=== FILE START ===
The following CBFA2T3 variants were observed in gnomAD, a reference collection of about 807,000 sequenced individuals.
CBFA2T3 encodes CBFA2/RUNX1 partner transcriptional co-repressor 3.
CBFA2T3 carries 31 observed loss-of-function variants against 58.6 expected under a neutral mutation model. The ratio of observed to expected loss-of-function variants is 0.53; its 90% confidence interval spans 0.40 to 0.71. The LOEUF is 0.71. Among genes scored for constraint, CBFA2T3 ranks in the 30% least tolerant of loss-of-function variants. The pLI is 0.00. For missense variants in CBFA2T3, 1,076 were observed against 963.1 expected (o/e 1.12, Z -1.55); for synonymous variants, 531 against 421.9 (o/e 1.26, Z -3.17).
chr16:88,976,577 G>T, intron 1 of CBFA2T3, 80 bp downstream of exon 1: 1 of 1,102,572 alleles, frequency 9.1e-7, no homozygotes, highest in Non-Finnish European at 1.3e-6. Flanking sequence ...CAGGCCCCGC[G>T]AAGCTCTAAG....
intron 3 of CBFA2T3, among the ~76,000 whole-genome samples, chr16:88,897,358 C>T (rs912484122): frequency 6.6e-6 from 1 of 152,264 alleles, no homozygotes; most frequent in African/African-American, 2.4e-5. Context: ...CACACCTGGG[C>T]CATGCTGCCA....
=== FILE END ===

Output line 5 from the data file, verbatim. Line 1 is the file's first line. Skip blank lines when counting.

intron 3 of CBFA2T3, among the ~76,000 whole-genome samples, chr16:88,897,358 C>T (rs912484122): frequency 6.6e-6 from 1 of 152,264 alleles, no homozygotes; most frequent in African/African-American, 2.4e-5. Context: ...CACACCTGGG[C>T]CATGCTGCCA....